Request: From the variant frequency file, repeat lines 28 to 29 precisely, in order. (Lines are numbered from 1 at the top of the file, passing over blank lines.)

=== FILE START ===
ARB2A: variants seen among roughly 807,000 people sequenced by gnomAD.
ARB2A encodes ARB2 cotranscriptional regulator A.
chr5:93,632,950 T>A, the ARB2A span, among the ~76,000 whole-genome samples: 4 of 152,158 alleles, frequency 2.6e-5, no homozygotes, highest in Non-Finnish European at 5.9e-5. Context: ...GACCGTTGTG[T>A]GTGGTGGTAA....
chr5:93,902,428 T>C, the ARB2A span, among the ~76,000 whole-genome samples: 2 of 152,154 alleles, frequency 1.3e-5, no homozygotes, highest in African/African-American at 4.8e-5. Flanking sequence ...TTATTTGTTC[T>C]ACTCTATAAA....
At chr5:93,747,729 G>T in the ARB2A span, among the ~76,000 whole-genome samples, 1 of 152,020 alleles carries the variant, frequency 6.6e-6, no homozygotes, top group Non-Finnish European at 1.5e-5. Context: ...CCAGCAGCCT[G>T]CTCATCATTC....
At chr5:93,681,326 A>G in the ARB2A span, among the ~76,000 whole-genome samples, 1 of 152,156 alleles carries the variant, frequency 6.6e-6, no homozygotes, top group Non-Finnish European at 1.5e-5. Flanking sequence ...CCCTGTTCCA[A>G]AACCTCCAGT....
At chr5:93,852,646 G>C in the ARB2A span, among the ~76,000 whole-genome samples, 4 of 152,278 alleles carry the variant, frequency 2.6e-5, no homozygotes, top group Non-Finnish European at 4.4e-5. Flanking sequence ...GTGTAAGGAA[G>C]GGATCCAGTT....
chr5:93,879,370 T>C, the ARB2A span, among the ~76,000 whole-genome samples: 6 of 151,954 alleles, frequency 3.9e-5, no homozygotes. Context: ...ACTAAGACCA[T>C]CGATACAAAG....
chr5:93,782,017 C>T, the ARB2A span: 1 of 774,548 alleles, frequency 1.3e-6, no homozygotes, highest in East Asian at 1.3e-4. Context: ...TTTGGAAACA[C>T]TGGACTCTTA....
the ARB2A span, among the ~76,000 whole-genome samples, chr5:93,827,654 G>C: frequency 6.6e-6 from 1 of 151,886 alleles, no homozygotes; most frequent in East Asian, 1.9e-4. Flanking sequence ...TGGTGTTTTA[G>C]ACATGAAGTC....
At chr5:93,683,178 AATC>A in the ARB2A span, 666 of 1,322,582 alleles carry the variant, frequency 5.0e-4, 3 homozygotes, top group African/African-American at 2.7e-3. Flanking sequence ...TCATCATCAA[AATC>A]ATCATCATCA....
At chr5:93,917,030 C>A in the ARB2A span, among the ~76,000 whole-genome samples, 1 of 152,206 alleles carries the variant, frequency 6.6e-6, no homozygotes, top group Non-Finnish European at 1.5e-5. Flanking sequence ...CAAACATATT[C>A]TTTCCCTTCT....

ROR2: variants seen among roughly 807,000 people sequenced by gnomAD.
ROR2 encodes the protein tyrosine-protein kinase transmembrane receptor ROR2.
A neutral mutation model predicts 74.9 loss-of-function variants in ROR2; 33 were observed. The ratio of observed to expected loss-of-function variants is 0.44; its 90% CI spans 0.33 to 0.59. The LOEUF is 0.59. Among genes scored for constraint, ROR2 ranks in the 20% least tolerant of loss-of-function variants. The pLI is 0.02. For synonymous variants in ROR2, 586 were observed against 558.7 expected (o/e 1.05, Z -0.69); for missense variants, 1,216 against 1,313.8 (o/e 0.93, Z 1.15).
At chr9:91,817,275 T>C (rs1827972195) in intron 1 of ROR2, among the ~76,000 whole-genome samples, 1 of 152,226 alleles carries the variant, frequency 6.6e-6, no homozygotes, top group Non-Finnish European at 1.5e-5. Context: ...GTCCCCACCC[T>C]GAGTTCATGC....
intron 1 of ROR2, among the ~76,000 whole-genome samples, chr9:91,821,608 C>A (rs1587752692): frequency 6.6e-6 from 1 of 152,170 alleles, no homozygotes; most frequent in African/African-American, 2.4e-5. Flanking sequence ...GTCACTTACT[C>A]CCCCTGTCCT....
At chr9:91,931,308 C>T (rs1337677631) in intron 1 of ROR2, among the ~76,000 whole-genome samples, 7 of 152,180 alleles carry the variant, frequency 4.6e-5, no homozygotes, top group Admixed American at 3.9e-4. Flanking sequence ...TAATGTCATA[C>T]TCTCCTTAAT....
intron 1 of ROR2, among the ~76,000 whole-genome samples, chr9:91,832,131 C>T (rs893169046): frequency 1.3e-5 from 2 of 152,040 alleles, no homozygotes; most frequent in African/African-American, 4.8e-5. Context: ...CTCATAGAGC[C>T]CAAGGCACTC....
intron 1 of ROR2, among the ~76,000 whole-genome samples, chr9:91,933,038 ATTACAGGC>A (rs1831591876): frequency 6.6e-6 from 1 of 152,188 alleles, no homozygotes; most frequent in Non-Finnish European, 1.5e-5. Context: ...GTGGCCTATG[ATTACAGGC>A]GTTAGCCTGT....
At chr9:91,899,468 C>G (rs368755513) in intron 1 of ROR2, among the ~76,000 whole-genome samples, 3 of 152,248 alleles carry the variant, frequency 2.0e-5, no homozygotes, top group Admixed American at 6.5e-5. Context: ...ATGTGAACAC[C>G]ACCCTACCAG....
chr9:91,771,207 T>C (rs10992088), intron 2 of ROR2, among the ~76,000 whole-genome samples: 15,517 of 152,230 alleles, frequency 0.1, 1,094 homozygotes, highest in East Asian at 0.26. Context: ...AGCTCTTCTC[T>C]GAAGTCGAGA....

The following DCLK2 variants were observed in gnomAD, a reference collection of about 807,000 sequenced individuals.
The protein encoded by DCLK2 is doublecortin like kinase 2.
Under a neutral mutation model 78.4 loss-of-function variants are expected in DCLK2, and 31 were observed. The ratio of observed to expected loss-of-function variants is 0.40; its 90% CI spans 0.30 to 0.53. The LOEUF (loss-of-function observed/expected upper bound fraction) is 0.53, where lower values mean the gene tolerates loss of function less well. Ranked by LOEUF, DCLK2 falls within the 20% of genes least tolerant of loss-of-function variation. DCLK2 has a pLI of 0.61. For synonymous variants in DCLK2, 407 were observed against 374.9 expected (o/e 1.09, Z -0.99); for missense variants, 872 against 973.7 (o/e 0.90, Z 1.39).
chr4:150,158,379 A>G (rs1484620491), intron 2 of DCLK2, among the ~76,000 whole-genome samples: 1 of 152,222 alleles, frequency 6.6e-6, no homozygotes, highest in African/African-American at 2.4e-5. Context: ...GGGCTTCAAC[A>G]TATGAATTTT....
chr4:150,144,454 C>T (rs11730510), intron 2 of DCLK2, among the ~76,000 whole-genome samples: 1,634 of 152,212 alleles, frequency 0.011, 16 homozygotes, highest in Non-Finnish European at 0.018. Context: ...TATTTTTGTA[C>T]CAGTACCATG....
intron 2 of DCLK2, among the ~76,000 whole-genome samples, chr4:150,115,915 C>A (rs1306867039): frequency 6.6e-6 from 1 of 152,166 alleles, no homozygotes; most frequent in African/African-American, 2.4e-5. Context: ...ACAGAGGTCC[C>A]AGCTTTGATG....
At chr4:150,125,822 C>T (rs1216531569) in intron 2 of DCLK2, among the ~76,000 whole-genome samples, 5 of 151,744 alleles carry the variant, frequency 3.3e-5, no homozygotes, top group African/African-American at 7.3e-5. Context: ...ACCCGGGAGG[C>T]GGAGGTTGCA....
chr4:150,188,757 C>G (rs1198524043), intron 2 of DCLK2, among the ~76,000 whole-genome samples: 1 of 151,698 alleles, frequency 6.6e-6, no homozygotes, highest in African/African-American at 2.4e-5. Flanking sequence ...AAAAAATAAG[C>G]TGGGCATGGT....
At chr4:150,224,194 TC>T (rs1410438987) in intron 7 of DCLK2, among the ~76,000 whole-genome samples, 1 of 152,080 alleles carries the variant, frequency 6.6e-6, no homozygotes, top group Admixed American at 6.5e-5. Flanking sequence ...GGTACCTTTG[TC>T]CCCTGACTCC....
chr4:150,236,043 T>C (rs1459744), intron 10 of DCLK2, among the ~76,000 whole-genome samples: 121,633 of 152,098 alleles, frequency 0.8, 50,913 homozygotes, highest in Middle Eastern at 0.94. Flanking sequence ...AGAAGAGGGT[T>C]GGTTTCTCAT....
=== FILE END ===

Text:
intron 2 of DCLK2, among the ~76,000 whole-genome samples, chr4:150,115,915 C>A (rs1306867039): frequency 6.6e-6 from 1 of 152,166 alleles, no homozygotes; most frequent in African/African-American, 2.4e-5. Context: ...ACAGAGGTCC[C>A]AGCTTTGATG....
At chr4:150,125,822 C>T (rs1216531569) in intron 2 of DCLK2, among the ~76,000 whole-genome samples, 5 of 151,744 alleles carry the variant, frequency 3.3e-5, no homozygotes, top group African/African-American at 7.3e-5. Context: ...ACCCGGGAGG[C>T]GGAGGTTGCA....